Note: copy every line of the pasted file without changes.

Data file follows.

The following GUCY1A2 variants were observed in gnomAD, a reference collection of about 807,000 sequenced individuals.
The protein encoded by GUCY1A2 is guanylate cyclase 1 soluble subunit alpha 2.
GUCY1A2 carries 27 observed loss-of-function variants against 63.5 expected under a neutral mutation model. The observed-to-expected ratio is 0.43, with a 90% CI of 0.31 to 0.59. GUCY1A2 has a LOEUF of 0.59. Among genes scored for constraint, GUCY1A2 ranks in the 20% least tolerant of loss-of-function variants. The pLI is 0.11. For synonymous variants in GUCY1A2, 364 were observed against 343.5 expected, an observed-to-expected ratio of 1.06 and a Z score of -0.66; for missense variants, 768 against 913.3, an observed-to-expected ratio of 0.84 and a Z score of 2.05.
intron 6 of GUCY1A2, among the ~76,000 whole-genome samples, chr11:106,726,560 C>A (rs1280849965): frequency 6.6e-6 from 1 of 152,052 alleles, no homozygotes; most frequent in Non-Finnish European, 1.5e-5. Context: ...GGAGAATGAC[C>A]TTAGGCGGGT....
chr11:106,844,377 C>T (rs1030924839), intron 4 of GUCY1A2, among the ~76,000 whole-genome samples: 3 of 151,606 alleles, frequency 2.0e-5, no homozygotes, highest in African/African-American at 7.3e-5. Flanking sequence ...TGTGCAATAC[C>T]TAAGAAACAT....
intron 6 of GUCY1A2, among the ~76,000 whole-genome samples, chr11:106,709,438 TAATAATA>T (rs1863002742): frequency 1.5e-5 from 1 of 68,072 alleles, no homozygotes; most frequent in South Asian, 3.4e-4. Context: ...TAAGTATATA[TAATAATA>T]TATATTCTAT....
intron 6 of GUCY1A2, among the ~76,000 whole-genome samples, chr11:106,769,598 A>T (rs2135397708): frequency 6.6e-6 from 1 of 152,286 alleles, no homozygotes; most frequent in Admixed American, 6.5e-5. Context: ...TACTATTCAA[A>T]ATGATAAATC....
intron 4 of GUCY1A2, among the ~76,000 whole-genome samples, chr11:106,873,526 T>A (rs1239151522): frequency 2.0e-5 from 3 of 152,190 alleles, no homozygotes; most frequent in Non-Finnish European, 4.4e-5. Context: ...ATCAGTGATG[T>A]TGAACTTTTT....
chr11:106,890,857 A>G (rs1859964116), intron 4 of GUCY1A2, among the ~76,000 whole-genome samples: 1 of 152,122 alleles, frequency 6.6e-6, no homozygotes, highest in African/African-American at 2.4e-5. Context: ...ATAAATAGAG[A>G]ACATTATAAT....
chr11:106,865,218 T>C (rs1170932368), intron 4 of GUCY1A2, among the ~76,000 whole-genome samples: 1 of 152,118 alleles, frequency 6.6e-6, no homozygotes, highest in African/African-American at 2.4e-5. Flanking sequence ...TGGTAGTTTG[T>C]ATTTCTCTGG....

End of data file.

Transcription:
The following GUCY1A2 variants were observed in gnomAD, a reference collection of about 807,000 sequenced individuals.
The protein encoded by GUCY1A2 is guanylate cyclase 1 soluble subunit alpha 2.
GUCY1A2 carries 27 observed loss-of-function variants against 63.5 expected under a neutral mutation model. The observed-to-expected ratio is 0.43, with a 90% CI of 0.31 to 0.59. GUCY1A2 has a LOEUF of 0.59. Among genes scored for constraint, GUCY1A2 ranks in the 20% least tolerant of loss-of-function variants. The pLI is 0.11. For synonymous variants in GUCY1A2, 364 were observed against 343.5 expected, an observed-to-expected ratio of 1.06 and a Z score of -0.66; for missense variants, 768 against 913.3, an observed-to-expected ratio of 0.84 and a Z score of 2.05.
intron 6 of GUCY1A2, among the ~76,000 whole-genome samples, chr11:106,726,560 C>A (rs1280849965): frequency 6.6e-6 from 1 of 152,052 alleles, no homozygotes; most frequent in Non-Finnish European, 1.5e-5. Context: ...GGAGAATGAC[C>A]TTAGGCGGGT....
chr11:106,844,377 C>T (rs1030924839), intron 4 of GUCY1A2, among the ~76,000 whole-genome samples: 3 of 151,606 alleles, frequency 2.0e-5, no homozygotes, highest in African/African-American at 7.3e-5. Flanking sequence ...TGTGCAATAC[C>T]TAAGAAACAT....
intron 6 of GUCY1A2, among the ~76,000 whole-genome samples, chr11:106,709,438 TAATAATA>T (rs1863002742): frequency 1.5e-5 from 1 of 68,072 alleles, no homozygotes; most frequent in South Asian, 3.4e-4. Context: ...TAAGTATATA[TAATAATA>T]TATATTCTAT....
intron 6 of GUCY1A2, among the ~76,000 whole-genome samples, chr11:106,769,598 A>T (rs2135397708): frequency 6.6e-6 from 1 of 152,286 alleles, no homozygotes; most frequent in Admixed American, 6.5e-5. Context: ...TACTATTCAA[A>T]ATGATAAATC....
intron 4 of GUCY1A2, among the ~76,000 whole-genome samples, chr11:106,873,526 T>A (rs1239151522): frequency 2.0e-5 from 3 of 152,190 alleles, no homozygotes; most frequent in Non-Finnish European, 4.4e-5. Context: ...ATCAGTGATG[T>A]TGAACTTTTT....
chr11:106,890,857 A>G (rs1859964116), intron 4 of GUCY1A2, among the ~76,000 whole-genome samples: 1 of 152,122 alleles, frequency 6.6e-6, no homozygotes, highest in African/African-American at 2.4e-5. Context: ...ATAAATAGAG[A>G]ACATTATAAT....
chr11:106,865,218 T>C (rs1170932368), intron 4 of GUCY1A2, among the ~76,000 whole-genome samples: 1 of 152,118 alleles, frequency 6.6e-6, no homozygotes, highest in African/African-American at 2.4e-5. Flanking sequence ...TGGTAGTTTG[T>C]ATTTCTCTGG....